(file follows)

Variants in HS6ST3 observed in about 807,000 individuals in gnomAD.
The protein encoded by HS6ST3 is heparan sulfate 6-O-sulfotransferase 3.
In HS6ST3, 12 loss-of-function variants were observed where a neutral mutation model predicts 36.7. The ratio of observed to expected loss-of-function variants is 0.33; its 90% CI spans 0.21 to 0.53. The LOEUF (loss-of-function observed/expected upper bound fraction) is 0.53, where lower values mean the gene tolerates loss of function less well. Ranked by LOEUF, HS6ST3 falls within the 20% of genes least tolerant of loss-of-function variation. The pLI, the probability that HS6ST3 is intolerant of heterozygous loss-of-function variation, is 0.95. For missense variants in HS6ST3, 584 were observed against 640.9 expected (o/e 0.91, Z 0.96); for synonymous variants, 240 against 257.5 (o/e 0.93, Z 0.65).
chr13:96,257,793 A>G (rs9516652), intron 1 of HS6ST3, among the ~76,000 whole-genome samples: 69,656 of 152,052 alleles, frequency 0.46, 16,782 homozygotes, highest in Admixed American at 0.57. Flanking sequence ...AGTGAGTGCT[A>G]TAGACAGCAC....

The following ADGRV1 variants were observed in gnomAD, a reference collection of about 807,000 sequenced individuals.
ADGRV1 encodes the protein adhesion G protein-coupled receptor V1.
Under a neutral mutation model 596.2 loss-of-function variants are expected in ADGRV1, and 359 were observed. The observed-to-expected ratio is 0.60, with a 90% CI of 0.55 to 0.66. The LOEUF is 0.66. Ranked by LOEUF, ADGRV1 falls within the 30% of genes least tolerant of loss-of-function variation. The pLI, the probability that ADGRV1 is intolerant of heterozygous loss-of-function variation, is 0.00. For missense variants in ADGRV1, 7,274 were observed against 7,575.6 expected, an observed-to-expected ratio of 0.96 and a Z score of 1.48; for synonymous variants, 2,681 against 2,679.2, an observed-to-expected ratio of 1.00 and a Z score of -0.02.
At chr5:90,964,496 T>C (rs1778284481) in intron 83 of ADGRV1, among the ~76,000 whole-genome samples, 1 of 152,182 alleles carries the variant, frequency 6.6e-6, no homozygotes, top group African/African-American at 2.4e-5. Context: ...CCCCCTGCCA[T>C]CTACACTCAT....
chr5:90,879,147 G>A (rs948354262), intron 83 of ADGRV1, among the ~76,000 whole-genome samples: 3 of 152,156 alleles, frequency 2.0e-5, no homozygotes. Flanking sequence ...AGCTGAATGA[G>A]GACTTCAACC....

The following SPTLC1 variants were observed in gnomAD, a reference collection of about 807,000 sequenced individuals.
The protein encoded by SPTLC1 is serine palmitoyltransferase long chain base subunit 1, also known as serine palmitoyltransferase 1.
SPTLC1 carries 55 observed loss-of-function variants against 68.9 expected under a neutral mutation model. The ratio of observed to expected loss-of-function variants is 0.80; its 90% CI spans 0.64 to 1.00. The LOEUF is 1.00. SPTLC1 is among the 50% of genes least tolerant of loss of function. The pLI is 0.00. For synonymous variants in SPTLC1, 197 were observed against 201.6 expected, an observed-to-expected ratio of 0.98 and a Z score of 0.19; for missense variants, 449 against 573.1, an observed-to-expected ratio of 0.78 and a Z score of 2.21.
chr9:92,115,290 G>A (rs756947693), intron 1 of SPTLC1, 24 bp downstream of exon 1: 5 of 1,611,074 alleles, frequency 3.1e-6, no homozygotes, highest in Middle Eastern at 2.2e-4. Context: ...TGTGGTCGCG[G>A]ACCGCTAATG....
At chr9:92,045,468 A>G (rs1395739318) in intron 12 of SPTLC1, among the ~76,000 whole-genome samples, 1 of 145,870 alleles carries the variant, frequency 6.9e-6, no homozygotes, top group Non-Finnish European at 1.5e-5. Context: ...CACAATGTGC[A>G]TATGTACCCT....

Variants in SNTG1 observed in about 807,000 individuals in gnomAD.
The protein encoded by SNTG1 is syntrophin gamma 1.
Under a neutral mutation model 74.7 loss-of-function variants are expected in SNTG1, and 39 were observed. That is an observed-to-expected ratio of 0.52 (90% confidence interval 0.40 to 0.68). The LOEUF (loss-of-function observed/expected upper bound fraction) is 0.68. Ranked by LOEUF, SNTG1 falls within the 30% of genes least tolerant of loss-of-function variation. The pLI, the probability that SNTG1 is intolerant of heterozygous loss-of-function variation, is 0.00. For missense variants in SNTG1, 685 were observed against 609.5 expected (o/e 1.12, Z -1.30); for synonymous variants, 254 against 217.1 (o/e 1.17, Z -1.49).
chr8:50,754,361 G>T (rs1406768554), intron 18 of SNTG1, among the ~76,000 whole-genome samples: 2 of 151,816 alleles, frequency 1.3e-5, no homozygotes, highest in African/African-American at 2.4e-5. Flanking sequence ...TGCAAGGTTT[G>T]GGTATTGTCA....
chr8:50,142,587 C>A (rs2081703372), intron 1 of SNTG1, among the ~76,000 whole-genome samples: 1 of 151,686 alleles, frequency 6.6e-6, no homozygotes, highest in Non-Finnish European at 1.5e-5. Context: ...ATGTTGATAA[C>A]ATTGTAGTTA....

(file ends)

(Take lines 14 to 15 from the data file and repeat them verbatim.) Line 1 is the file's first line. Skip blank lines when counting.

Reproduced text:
At chr9:92,045,468 A>G (rs1395739318) in intron 12 of SPTLC1, among the ~76,000 whole-genome samples, 1 of 145,870 alleles carries the variant, frequency 6.9e-6, no homozygotes, top group Non-Finnish European at 1.5e-5. Context: ...CACAATGTGC[A>G]TATGTACCCT....

Variants in SNTG1 observed in about 807,000 individuals in gnomAD.